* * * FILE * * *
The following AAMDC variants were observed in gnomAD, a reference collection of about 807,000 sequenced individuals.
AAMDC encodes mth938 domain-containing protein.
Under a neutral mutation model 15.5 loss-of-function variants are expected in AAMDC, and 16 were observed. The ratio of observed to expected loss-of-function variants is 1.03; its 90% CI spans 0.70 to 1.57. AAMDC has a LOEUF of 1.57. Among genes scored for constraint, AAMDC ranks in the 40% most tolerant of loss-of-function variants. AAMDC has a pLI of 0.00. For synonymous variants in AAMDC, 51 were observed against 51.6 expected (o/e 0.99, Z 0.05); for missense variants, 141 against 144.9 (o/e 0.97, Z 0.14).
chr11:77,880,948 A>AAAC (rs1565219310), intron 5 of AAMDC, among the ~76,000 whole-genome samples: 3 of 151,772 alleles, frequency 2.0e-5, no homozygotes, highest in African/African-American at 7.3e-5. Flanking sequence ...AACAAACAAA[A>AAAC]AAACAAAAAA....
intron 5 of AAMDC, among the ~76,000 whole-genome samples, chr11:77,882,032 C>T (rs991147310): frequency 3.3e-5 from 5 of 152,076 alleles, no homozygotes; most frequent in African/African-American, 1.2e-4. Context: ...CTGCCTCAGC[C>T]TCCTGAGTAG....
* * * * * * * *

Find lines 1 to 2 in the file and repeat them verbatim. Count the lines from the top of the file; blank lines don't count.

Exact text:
The following AAMDC variants were observed in gnomAD, a reference collection of about 807,000 sequenced individuals.
AAMDC encodes mth938 domain-containing protein.